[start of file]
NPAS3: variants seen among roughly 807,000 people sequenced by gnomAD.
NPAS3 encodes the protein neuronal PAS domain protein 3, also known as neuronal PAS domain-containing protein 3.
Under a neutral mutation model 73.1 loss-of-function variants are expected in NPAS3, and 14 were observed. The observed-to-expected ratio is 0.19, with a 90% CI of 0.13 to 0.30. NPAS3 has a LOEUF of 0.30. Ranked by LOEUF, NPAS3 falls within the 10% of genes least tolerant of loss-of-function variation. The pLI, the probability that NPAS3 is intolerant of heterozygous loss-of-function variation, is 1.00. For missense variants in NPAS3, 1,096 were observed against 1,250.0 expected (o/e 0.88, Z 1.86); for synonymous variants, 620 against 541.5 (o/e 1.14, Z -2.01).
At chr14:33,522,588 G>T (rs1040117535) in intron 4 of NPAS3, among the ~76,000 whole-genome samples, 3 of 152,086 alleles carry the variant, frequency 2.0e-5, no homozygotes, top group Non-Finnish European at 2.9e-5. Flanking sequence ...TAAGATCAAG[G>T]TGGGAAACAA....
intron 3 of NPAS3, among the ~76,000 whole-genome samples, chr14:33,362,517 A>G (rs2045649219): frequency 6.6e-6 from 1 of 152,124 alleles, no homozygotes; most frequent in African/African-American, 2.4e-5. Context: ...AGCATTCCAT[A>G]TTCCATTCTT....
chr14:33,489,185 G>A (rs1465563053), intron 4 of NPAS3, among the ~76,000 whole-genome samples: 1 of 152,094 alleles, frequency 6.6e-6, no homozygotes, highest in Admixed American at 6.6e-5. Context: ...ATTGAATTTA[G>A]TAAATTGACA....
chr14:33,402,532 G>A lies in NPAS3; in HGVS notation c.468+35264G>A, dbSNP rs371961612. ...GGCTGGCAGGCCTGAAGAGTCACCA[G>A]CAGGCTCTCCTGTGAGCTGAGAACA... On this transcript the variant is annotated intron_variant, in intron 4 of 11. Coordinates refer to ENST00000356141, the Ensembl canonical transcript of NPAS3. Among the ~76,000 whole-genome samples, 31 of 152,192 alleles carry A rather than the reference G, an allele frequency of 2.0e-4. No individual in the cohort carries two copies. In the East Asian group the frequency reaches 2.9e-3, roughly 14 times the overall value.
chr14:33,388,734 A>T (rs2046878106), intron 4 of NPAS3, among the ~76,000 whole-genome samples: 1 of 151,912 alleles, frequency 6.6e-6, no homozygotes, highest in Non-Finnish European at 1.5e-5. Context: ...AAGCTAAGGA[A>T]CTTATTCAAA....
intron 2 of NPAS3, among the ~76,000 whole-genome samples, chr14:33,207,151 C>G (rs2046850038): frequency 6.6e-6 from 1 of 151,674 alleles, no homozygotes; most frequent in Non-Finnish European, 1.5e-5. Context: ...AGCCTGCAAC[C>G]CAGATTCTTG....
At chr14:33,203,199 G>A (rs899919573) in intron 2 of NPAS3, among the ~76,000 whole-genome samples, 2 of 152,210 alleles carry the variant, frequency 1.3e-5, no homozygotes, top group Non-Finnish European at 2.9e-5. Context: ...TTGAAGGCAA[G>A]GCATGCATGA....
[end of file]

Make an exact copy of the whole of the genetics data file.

NPAS3: variants seen among roughly 807,000 people sequenced by gnomAD.
NPAS3 encodes the protein neuronal PAS domain protein 3, also known as neuronal PAS domain-containing protein 3.
Under a neutral mutation model 73.1 loss-of-function variants are expected in NPAS3, and 14 were observed. The observed-to-expected ratio is 0.19, with a 90% CI of 0.13 to 0.30. NPAS3 has a LOEUF of 0.30. Ranked by LOEUF, NPAS3 falls within the 10% of genes least tolerant of loss-of-function variation. The pLI, the probability that NPAS3 is intolerant of heterozygous loss-of-function variation, is 1.00. For missense variants in NPAS3, 1,096 were observed against 1,250.0 expected (o/e 0.88, Z 1.86); for synonymous variants, 620 against 541.5 (o/e 1.14, Z -2.01).
At chr14:33,522,588 G>T (rs1040117535) in intron 4 of NPAS3, among the ~76,000 whole-genome samples, 3 of 152,086 alleles carry the variant, frequency 2.0e-5, no homozygotes, top group Non-Finnish European at 2.9e-5. Flanking sequence ...TAAGATCAAG[G>T]TGGGAAACAA....
intron 3 of NPAS3, among the ~76,000 whole-genome samples, chr14:33,362,517 A>G (rs2045649219): frequency 6.6e-6 from 1 of 152,124 alleles, no homozygotes; most frequent in African/African-American, 2.4e-5. Context: ...AGCATTCCAT[A>G]TTCCATTCTT....
chr14:33,489,185 G>A (rs1465563053), intron 4 of NPAS3, among the ~76,000 whole-genome samples: 1 of 152,094 alleles, frequency 6.6e-6, no homozygotes, highest in Admixed American at 6.6e-5. Context: ...ATTGAATTTA[G>A]TAAATTGACA....
chr14:33,402,532 G>A lies in NPAS3; in HGVS notation c.468+35264G>A, dbSNP rs371961612. ...GGCTGGCAGGCCTGAAGAGTCACCA[G>A]CAGGCTCTCCTGTGAGCTGAGAACA... On this transcript the variant is annotated intron_variant, in intron 4 of 11. Coordinates refer to ENST00000356141, the Ensembl canonical transcript of NPAS3. Among the ~76,000 whole-genome samples, 31 of 152,192 alleles carry A rather than the reference G, an allele frequency of 2.0e-4. No individual in the cohort carries two copies. In the East Asian group the frequency reaches 2.9e-3, roughly 14 times the overall value.
chr14:33,388,734 A>T (rs2046878106), intron 4 of NPAS3, among the ~76,000 whole-genome samples: 1 of 151,912 alleles, frequency 6.6e-6, no homozygotes, highest in Non-Finnish European at 1.5e-5. Context: ...AAGCTAAGGA[A>T]CTTATTCAAA....
intron 2 of NPAS3, among the ~76,000 whole-genome samples, chr14:33,207,151 C>G (rs2046850038): frequency 6.6e-6 from 1 of 151,674 alleles, no homozygotes; most frequent in Non-Finnish European, 1.5e-5. Context: ...AGCCTGCAAC[C>G]CAGATTCTTG....
At chr14:33,203,199 G>A (rs899919573) in intron 2 of NPAS3, among the ~76,000 whole-genome samples, 2 of 152,210 alleles carry the variant, frequency 1.3e-5, no homozygotes, top group Non-Finnish European at 2.9e-5. Context: ...TTGAAGGCAA[G>A]GCATGCATGA....